The mothers of Turkish soldiers killed by Ocalan's Kurdistan Workers' Party (PKK) wept uncontrollably. An effigy of Ocalan was hanged, and a picture of the rebel adorned with devil's horns was burnt. People seized television microphones to scream nationalist slogans, spitting with passion. "The nation will never fall," shouted one. "Now Europe will have to listen to Turkey," cried another.
Across Europe, Kurds protested and governments condemned the verdict.
In Turkey, the crowds had waited since dawn on the jetty in Mudanya, the port nearest to the prison island of Imrali where Ocalan's trial was held. Red Turkish flags were in evidence everywhere: several people had them draped across their bodies, and one man had even made one into a T-shirt. Most were relatives of PKK victims, with good reason to hate Ocalan. But there was something chilling in the intensity of their passion.
There was little dignity over Turkey's handling of the judgment. As the senior judge read out the verdict live on state-run television, the caption "Decision: death sentence" flashed across the screen, as if Ocalan had just won star prize in some macabre game show.
In the courtroom, several people, including the prosecution lawyers, broke into a raucous rendition of the Turkish national anthem. There was a moment of confusion, as the three judges wondered whether they should stand in honour of the spontaneous anthem.
Beside these scenes of unbridled Turkish triumph, Ocalan cut a surprisingly dignified figure. It was a reversal of roles from earlier in the trial, when the rebel had been unimpressive. Gone now were the craven apologies and pleas for his life. Ocalan seemed to have accepted the inevitable, and instead of the rambling, confused speeches he made earlier in the trial, he spoke briefly and succinctly before sentence was passed.
"I reject the accusation of treason," he said. "I am struggling for the unity of the country and for freedom ... for a democratic republic, not against the republic.
"I hope that the problem which has grown as a result of historic mistakes will reach a solution. I want this trial to contribute to that. I am repeating my call, the determined promise I made at the onset, for a fair and honourable peace and brotherhood in line with the democratic republic.
"The future of the country lies with peace, not war. I greet you all." Ocalan stood impassive as his sentence was read. But the onset of despair was visible in his eyes. Earlier in the trial, he had offered Turkey a bargain from the dock: if his life was spared he would negotiate peace with rebels. The offer was contemptuously refused.
"Thousands of innocent people - regardless of whether they were babies, children, women or the elderly - were killed," said the senior judge, Turgut Okyay, as he read the sentence, his manner awkward with emotion.
Ocalan has plenty of blood on his hands. The PKK has pursued a campaign of violence and terror since 1984, aimed originally at establishing an independent Kurdish state, more recently at winning some degree of autonomy for Kurds. Ocalan said during the trial he would now settle for cultural rights. Kurds are not recognised as a minority in Turkey, and their language is banned on television and in schools.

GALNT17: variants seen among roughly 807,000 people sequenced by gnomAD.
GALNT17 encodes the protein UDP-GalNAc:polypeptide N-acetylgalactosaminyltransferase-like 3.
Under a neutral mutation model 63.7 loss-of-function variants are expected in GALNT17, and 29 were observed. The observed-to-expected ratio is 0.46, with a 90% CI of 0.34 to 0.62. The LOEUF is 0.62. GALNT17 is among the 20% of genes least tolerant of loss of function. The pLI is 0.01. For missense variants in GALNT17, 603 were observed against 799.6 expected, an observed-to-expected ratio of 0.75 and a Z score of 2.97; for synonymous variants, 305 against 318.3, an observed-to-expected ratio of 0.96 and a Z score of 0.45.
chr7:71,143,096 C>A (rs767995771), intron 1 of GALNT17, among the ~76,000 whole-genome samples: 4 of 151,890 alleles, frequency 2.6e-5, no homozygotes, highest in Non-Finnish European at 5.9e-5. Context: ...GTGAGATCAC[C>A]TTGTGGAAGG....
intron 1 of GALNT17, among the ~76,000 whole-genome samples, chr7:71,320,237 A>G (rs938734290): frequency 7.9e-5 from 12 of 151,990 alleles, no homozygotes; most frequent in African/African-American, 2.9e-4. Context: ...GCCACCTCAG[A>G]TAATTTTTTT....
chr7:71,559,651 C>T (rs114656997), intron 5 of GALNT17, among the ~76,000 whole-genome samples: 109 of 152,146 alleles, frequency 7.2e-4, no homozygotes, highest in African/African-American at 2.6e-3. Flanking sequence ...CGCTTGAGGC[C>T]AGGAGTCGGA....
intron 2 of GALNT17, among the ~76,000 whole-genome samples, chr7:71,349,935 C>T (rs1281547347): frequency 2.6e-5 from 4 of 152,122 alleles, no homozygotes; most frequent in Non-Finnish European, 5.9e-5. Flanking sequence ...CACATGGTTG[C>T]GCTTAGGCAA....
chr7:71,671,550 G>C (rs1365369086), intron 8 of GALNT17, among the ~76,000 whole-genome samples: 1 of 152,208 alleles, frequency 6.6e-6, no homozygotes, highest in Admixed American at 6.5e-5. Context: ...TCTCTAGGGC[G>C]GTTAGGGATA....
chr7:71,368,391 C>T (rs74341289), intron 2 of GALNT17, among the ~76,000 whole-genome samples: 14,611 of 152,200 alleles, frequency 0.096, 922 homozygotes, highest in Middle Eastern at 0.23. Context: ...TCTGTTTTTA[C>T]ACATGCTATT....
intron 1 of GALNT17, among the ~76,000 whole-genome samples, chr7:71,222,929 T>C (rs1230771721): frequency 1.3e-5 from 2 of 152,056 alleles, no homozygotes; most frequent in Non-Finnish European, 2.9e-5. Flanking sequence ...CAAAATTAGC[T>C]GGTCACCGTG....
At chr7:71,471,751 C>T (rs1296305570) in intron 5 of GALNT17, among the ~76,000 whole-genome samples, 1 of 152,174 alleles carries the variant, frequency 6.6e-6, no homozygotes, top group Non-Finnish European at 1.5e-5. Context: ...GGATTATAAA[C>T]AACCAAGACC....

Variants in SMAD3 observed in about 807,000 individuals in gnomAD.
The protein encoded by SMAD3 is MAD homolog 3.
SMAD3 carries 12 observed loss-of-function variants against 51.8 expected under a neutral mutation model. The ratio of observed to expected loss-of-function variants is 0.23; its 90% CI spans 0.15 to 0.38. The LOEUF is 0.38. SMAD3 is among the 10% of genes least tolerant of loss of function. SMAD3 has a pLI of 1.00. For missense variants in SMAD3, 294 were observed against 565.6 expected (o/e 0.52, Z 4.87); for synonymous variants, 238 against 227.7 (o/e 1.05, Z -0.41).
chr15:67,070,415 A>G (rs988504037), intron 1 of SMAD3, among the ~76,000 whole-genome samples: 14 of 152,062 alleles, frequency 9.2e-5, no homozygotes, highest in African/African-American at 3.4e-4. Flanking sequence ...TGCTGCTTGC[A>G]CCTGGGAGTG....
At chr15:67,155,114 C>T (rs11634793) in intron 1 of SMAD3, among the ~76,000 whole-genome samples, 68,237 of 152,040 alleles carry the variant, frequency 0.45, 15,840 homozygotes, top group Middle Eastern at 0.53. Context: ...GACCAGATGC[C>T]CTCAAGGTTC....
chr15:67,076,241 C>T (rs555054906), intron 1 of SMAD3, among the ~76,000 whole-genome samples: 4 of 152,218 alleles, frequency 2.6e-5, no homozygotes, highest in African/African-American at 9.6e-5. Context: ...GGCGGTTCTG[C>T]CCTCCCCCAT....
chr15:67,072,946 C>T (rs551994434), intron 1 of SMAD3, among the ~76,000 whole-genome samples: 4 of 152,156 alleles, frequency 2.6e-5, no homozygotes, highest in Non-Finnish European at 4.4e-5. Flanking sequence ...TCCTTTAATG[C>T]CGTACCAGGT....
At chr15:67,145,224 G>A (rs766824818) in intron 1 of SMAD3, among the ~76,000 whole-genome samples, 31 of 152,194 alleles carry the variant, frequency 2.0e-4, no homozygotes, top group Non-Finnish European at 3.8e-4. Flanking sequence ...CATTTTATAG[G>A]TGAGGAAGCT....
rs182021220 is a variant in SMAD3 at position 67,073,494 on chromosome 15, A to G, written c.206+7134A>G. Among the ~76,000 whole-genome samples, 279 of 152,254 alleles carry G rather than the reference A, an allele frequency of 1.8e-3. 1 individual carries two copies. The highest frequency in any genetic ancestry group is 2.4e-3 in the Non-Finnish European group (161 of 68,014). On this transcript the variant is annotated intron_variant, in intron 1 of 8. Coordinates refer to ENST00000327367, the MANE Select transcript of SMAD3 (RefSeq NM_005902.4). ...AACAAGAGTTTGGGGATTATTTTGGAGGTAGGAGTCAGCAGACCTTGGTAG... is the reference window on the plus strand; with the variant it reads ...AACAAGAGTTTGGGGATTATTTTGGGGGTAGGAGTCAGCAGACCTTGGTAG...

The government blamed Ocalan for the deaths of all 30,000 people killed in the conflict. The rebel leader had argued that the Turkish state shared responsibility: many of the dead were killed by security forces. Turkey has waged a fierce military campaign against the PKK, which has included the systematic destruction of thousands of Kurdish villages.
Cemal Coskun, Deputy Leader of the People's Democracy Party (Hadep), Turkey's only legal Kurdish party, was unimpressed as he watched the relatives of PKK victims celebrate the verdict on television.
"At least 25,000 of the dead were Kurds," he said. "Don't they have fathers and mothers? This problem isn't just about Ocalan, it's about the democratic rights of the Kurdish people. The PKK won't just go away." Hadep is accused of links with the PKK, and is facing closure by the courts.
"No one can expect us to remain quiet in the face of this attack," the PKK said. Ocalan has warned that if he is hanged, "thousands of people will start the terror machine for me".Turkish police are preparing for possible attacks. Security was especially tight around American diplomatic missions. The CIA is widely suspected of complicity in the abduction of Ocalan in Nairobi.
The gallows are still some way off for Ocalan. His case will automatically go to appeal and death sentences have to be confirmed by parliament. Many believe the PKK backlash will not start until the case reaches parliament.
The Human Rights Watch organisation condemned the trial, saying Ocalan had been held incommunicado for nine days after his capture, and that security forces were present at meetings with his lawyers, which were unfairly limited in frequency and duration. The court refused to hear defence witnesses, and ruled the evidence of one inadmissible on the basis that it was propaganda.
International pressure was already building on Turkey last night as Britain said it would ask the European Union to issue a statement urging that the death sentence be commuted to life imprisonment.
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